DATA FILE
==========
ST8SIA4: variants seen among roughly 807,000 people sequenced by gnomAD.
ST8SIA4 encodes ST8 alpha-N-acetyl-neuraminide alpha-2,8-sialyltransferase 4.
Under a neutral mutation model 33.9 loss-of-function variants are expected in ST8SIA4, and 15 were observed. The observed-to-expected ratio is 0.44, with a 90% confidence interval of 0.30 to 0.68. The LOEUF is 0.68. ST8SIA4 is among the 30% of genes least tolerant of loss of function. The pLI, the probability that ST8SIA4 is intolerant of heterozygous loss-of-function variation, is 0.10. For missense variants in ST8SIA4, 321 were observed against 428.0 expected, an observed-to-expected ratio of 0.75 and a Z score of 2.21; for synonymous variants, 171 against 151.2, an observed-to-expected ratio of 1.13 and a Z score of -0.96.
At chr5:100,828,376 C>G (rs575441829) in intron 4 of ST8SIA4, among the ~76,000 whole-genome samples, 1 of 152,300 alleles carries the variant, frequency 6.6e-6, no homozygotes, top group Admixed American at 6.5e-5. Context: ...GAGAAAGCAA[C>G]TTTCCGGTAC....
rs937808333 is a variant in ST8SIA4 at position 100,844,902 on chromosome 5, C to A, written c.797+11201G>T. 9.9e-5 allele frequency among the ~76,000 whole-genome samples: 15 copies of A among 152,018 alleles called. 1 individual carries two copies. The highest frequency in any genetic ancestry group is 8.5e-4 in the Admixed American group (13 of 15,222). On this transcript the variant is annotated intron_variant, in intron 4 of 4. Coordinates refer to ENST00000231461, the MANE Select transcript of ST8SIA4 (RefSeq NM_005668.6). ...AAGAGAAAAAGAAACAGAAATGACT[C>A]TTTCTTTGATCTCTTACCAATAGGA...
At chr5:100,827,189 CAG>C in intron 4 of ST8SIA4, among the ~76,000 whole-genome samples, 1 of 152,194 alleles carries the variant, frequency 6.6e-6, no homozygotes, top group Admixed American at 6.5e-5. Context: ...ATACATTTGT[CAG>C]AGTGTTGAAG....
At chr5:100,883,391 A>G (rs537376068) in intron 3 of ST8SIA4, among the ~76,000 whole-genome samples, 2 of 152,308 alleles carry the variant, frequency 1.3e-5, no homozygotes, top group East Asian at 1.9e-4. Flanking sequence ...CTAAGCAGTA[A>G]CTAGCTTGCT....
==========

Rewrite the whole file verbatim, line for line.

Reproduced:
ST8SIA4: variants seen among roughly 807,000 people sequenced by gnomAD.
ST8SIA4 encodes ST8 alpha-N-acetyl-neuraminide alpha-2,8-sialyltransferase 4.
Under a neutral mutation model 33.9 loss-of-function variants are expected in ST8SIA4, and 15 were observed. The observed-to-expected ratio is 0.44, with a 90% confidence interval of 0.30 to 0.68. The LOEUF is 0.68. ST8SIA4 is among the 30% of genes least tolerant of loss of function. The pLI, the probability that ST8SIA4 is intolerant of heterozygous loss-of-function variation, is 0.10. For missense variants in ST8SIA4, 321 were observed against 428.0 expected, an observed-to-expected ratio of 0.75 and a Z score of 2.21; for synonymous variants, 171 against 151.2, an observed-to-expected ratio of 1.13 and a Z score of -0.96.
At chr5:100,828,376 C>G (rs575441829) in intron 4 of ST8SIA4, among the ~76,000 whole-genome samples, 1 of 152,300 alleles carries the variant, frequency 6.6e-6, no homozygotes, top group Admixed American at 6.5e-5. Context: ...GAGAAAGCAA[C>G]TTTCCGGTAC....
rs937808333 is a variant in ST8SIA4 at position 100,844,902 on chromosome 5, C to A, written c.797+11201G>T. 9.9e-5 allele frequency among the ~76,000 whole-genome samples: 15 copies of A among 152,018 alleles called. 1 individual carries two copies. The highest frequency in any genetic ancestry group is 8.5e-4 in the Admixed American group (13 of 15,222). On this transcript the variant is annotated intron_variant, in intron 4 of 4. Coordinates refer to ENST00000231461, the MANE Select transcript of ST8SIA4 (RefSeq NM_005668.6). ...AAGAGAAAAAGAAACAGAAATGACT[C>A]TTTCTTTGATCTCTTACCAATAGGA...
At chr5:100,827,189 CAG>C in intron 4 of ST8SIA4, among the ~76,000 whole-genome samples, 1 of 152,194 alleles carries the variant, frequency 6.6e-6, no homozygotes, top group Admixed American at 6.5e-5. Context: ...ATACATTTGT[CAG>C]AGTGTTGAAG....
At chr5:100,883,391 A>G (rs537376068) in intron 3 of ST8SIA4, among the ~76,000 whole-genome samples, 2 of 152,308 alleles carry the variant, frequency 1.3e-5, no homozygotes, top group East Asian at 1.9e-4. Flanking sequence ...CTAAGCAGTA[A>G]CTAGCTTGCT....